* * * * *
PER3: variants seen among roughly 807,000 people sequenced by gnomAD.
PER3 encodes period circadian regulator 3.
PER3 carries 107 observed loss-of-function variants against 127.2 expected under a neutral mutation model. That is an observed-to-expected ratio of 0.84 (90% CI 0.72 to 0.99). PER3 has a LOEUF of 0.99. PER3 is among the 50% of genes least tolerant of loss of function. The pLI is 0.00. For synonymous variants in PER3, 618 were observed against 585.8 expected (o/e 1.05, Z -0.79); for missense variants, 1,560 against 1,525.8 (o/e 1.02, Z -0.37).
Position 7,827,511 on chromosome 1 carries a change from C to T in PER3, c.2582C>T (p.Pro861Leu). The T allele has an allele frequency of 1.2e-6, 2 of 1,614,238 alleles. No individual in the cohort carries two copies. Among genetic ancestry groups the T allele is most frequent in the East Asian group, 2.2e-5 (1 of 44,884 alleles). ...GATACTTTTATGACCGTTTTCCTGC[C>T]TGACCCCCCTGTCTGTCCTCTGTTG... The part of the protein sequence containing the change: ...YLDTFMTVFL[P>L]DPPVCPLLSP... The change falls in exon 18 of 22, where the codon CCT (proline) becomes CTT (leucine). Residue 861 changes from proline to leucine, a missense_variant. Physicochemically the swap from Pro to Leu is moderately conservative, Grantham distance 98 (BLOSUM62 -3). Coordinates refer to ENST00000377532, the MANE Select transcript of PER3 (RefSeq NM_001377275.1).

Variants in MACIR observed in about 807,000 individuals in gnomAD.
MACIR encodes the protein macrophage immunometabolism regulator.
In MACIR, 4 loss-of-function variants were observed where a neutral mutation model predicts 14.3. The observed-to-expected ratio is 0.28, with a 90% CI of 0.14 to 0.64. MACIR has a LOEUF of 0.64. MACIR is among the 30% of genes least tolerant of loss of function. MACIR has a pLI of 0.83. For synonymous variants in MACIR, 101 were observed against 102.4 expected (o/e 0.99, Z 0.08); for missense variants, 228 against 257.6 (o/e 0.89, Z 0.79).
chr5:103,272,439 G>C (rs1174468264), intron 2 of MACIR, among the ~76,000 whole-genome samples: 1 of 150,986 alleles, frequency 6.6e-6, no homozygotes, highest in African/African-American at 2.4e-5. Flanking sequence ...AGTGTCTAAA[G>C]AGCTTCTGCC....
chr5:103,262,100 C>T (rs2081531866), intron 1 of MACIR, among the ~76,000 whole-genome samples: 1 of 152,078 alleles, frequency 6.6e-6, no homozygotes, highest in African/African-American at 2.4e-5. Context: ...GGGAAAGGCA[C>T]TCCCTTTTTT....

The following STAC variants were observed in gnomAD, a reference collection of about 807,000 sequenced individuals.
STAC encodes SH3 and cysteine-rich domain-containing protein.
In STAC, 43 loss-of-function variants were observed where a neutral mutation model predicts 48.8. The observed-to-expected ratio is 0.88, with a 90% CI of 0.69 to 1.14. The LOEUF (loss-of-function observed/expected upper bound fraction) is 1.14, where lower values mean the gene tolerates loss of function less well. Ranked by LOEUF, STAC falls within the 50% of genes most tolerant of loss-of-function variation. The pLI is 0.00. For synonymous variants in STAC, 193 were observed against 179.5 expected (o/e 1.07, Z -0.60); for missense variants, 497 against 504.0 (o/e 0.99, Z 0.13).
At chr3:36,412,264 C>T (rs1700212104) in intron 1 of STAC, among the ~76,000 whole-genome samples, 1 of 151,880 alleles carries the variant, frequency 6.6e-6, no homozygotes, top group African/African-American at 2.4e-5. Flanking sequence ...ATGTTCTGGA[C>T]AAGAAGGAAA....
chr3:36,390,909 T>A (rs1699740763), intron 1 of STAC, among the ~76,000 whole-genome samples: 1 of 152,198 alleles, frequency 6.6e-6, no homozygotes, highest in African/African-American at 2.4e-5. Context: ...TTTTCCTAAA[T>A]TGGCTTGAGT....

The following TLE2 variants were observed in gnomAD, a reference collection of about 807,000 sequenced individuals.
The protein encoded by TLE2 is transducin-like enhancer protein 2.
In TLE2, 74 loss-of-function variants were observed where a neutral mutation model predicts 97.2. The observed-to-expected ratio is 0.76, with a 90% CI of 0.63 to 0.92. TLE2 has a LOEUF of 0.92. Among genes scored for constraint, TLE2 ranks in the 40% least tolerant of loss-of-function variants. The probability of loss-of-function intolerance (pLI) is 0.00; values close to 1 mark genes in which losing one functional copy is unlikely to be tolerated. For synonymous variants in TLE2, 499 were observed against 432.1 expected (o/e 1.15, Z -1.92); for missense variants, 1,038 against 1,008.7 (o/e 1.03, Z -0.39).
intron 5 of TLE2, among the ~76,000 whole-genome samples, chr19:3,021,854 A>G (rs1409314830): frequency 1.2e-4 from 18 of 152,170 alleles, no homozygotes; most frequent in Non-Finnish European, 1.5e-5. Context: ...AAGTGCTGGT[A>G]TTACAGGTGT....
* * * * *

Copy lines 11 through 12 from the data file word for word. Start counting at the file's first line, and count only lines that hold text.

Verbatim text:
STAC encodes SH3 and cysteine-rich domain-containing protein.
In STAC, 43 loss-of-function variants were observed where a neutral mutation model predicts 48.8. The observed-to-expected ratio is 0.88, with a 90% CI of 0.69 to 1.14. The LOEUF (loss-of-function observed/expected upper bound fraction) is 1.14, where lower values mean the gene tolerates loss of function less well. Ranked by LOEUF, STAC falls within the 50% of genes most tolerant of loss-of-function variation. The pLI is 0.00. For synonymous variants in STAC, 193 were observed against 179.5 expected (o/e 1.07, Z -0.60); for missense variants, 497 against 504.0 (o/e 0.99, Z 0.13).